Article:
Wolfenstein II: Sigrun

Sigrun is one of those interesting little characters who probably plays a much bigger part in Wolfenstein II than you might think. She’s also, for my money, the strongest character following the style of New Order. One of the big things about New Order was that all the characters had their own little quirks and personalities and they did odd little things. Actually – no let’s make a new paragraph, I want to talk more about that first.

So in New Order everybody had their own baggage. Regardless of whether you picked Wyatt or Fergus to survive, they both experience survivor’s guilt and blame you for not saving the other person. Fergus tells you that he feels like a fucking ancient mummy – he shouldn’t have lived because he’s too old and Wyatt would have been better to go into the future. Wyatt tells you that he was 18 years old and the responsibility was too much for him to deal with – BJ should’ve saved the experienced Fergus. Both characters end up throwing BJ out of their room after shouting at him for a while. That’s just some great storytelling. It shows the trauma of the war. In New Colossus, we don’t often get the same thing. There’s a couple little moments – Bombate is always telling Max to smile during combat, and in one late scene it turns out Bombate uses laughter pathologically to deal with his trauma. When Max is sad, it essentially triggers Bombate’s trauma, and so he shouts at Max. That’s a really subtle thoughtful little moment. It’s showing the trauma of some of the crew. On the whole, though, I don’t think New Colossus has as many of those moments as New Order. In particular, Wyatt and Fergus are both much more comic characters, with pretty rudimentary story arcs. Like I say – for my money, the most convincing arcs for minor characters belong to Bombate and Sigrun.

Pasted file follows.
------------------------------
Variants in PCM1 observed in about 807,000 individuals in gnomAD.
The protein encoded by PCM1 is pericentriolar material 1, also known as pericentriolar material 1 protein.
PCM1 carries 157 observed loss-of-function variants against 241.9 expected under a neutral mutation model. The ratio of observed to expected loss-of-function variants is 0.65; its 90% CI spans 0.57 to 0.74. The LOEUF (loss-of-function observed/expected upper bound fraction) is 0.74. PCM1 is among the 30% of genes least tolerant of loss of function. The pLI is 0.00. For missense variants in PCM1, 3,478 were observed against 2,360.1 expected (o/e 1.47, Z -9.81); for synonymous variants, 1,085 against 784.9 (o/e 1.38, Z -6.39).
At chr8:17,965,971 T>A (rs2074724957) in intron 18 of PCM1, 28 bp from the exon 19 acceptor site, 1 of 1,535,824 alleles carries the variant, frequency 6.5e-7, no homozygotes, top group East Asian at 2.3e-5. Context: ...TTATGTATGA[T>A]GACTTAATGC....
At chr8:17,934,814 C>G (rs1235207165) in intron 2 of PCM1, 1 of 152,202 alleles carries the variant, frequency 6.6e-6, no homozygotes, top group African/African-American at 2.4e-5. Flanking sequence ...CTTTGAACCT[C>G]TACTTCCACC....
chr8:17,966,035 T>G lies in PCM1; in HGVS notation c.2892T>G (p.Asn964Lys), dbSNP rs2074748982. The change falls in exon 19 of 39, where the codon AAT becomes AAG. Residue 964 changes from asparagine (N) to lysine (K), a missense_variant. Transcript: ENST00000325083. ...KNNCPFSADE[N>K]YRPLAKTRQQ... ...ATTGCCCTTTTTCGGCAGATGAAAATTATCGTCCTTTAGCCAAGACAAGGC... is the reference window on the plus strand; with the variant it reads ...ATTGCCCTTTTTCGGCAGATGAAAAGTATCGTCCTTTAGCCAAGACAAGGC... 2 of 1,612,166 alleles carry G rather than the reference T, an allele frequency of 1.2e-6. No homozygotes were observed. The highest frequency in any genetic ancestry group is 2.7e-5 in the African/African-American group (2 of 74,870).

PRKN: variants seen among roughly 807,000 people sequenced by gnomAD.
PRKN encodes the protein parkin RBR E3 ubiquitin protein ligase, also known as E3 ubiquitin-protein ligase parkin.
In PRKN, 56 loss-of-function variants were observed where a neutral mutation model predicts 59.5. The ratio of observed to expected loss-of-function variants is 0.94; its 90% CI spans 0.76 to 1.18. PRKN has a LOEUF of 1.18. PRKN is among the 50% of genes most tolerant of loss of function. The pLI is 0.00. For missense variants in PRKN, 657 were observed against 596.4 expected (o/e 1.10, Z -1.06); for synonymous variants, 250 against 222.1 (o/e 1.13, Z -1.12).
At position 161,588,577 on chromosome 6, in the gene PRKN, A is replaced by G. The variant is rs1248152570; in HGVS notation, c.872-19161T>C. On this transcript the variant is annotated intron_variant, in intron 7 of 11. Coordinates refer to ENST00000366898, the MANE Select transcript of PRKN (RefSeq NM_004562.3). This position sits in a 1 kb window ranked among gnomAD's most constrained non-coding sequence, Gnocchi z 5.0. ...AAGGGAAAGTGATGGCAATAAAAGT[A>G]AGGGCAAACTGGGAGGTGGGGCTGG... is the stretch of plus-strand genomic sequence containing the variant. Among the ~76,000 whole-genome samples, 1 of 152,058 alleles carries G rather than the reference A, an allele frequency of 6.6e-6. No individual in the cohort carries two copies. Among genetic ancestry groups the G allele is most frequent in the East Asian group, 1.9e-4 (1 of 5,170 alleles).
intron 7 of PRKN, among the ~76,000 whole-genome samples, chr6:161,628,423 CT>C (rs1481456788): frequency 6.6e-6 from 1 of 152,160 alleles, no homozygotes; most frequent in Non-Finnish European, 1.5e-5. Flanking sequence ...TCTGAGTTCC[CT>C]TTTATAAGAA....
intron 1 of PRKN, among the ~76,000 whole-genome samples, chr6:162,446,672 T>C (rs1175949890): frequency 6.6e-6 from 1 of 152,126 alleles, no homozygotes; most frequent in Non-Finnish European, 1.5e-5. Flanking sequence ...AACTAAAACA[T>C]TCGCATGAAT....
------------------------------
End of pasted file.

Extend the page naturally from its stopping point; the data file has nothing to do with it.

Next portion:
I’ll give you Sigrun’s arc briefly, and then we’ll talk about some of the deeper narrative things about her character. She’s General Engel’s daughter, but she’s overweight and generally gets bullied for being a bad Nazi. Early in the game she defects to the rebels, saving Wyatt/Fergus (and you) in the process. Because she was raised as a Nazi, she finds a few things kinda weird about the rebellion, particularly Bombate’s presence on the Eva’s Hammer. In the cutscene leading up to Manhattan, Sigrun says to Anya “Do you allow blacks on board?” Anya looks at her and replies “Everyone is allowed on this boat. Except Nazis.” She’s generally tolerated, although some people are a little suspicious of her – especially Grace, who continues to refer to her as a Nazi. After the Venus mission, Grace escalates her bullying, calling Sigrun a Nazi again and then actively mocking her when she asks Grace to stop.